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Design of the Week: Halloween Spider Tensegrity Ornament

Amazing Halloween tensegrity 3D print [Source: Natalie Cheesmond / PrusaPrinters]

This week’s selection is the Halloween Spider Tensegrity Ornament by Natalie Cheesmond, a.k.a. 3DPrintBunny.

It’s nearing that time of year when costumes are prepared, spooky displays are constructed and pumpkin spice is in the air. Yes, Halloween 2021 is coming.

In the intervening days you certainly have time to 3D print and build more spooky items, and one that you might consider is 3DPrintBunny’s amazing Halloween Spider Tensegrity Ornament.

Hold on, what’s a “Tensegrity”? It’s a special arrangement of leveraged tensioned cables to form a solid structure. At first glance, a tensegrity may appear “impossible”, as it is unclear how the parts may be floating in the air. However, it’s really because the cables are tensioned in a way that support each other.

Cheesmond has created a unique display that adds to the spookiness with the tensegrity.

The display has three spiders apparently crawling in mid-air away from a web.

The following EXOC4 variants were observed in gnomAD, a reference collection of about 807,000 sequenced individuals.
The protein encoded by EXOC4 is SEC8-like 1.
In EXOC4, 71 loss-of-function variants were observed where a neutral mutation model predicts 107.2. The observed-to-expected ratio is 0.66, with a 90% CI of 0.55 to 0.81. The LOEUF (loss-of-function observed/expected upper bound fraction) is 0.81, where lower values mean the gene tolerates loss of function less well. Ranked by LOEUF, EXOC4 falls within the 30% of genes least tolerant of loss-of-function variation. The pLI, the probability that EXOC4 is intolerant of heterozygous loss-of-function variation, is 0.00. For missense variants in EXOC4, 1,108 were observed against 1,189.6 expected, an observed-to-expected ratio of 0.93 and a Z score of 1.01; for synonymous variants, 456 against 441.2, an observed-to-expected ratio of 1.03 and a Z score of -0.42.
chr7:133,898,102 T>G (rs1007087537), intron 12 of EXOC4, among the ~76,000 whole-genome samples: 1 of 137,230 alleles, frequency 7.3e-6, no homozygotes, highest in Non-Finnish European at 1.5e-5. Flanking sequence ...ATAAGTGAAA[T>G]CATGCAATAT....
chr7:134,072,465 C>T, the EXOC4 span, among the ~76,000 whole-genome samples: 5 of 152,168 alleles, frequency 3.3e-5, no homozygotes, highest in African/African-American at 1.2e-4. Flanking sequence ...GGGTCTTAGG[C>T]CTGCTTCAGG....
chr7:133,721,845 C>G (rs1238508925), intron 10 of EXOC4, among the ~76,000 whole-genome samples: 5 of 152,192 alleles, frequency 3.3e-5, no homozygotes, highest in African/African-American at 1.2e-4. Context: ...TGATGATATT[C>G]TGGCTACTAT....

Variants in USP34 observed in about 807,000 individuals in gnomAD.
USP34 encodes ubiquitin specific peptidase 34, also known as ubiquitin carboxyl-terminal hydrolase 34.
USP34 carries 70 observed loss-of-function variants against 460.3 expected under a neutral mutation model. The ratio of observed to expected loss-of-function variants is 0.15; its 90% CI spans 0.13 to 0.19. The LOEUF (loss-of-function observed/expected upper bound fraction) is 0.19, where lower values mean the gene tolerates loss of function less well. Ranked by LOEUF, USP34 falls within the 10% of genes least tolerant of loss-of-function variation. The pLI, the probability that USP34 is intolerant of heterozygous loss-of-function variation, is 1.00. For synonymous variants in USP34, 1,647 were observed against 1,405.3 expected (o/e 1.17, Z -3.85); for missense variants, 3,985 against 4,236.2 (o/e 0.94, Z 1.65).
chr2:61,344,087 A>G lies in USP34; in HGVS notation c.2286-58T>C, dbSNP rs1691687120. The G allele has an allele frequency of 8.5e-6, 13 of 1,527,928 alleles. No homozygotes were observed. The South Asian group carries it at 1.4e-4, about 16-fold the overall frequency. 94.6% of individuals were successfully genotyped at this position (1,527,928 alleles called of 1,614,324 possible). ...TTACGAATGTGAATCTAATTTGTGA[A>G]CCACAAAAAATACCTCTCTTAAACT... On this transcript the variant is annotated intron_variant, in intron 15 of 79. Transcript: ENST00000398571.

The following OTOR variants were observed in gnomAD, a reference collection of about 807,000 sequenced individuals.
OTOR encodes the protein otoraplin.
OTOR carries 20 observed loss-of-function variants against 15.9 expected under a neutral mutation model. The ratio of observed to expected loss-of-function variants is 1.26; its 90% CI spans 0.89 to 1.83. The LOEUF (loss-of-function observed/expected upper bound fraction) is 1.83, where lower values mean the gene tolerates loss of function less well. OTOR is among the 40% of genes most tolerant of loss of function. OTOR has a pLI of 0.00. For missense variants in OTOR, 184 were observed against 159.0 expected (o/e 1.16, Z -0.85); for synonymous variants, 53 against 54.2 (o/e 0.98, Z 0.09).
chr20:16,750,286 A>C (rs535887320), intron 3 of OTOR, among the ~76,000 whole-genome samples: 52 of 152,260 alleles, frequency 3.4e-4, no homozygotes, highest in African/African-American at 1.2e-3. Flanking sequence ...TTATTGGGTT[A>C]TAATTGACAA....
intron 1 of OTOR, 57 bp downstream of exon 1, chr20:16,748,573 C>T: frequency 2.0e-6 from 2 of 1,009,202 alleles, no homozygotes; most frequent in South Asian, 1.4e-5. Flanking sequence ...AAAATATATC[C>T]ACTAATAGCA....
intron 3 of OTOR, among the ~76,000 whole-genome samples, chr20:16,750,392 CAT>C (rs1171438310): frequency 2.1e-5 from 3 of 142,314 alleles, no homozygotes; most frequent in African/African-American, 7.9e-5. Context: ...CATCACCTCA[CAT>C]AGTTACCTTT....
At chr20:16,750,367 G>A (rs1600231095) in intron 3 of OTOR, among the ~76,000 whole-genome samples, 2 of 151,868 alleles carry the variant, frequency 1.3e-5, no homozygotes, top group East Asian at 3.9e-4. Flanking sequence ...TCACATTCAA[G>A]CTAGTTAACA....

Unlike most tensegrity structures, Cheesmond has actually included the cabling in the 3D model itself. In this image you can see six thin strands connecting the spiders to the web. Cheesmond advises:

“When printing use the 0.3mm layer height and make sure ‘detect thin walls’ is checked. When sliced you should be able to see the single strands of filament and there should be no empty layers.”

Thin strands implement the tension in this 3D model [Source: Fabbaloo]

The result is quite astonishing, as you can see in this short video demonstrating the tensegrity:

Like all models on the PrusaPrinters site, you are free to download and attempt to 3D print this item. It’s relatively straightforward to 3D print, as it is a single part and can be completed in one job — and of course, Cheesmond designed it to fit perfectly on a Prusa print plate.

Halloween tensegrity 3D print fits on a full build plate [Source: Natalie Cheesmond / PrusaPrinters]

You’ll also need to swap colors as the print proceeds. This can be done manually by pausing the print at the appropriate moment and changing filament, or inserting pauses into the print using your slicing software. Orange and black are mandatory here, obviously.

Cheesmond entered this design into PrusaPrinters’ Flash Halloween Contest, which ends on the 26th. There are many fascinating entries into this contest, but I’m siding with the tensegrity here.

Via PrusaPrinters and Patreon

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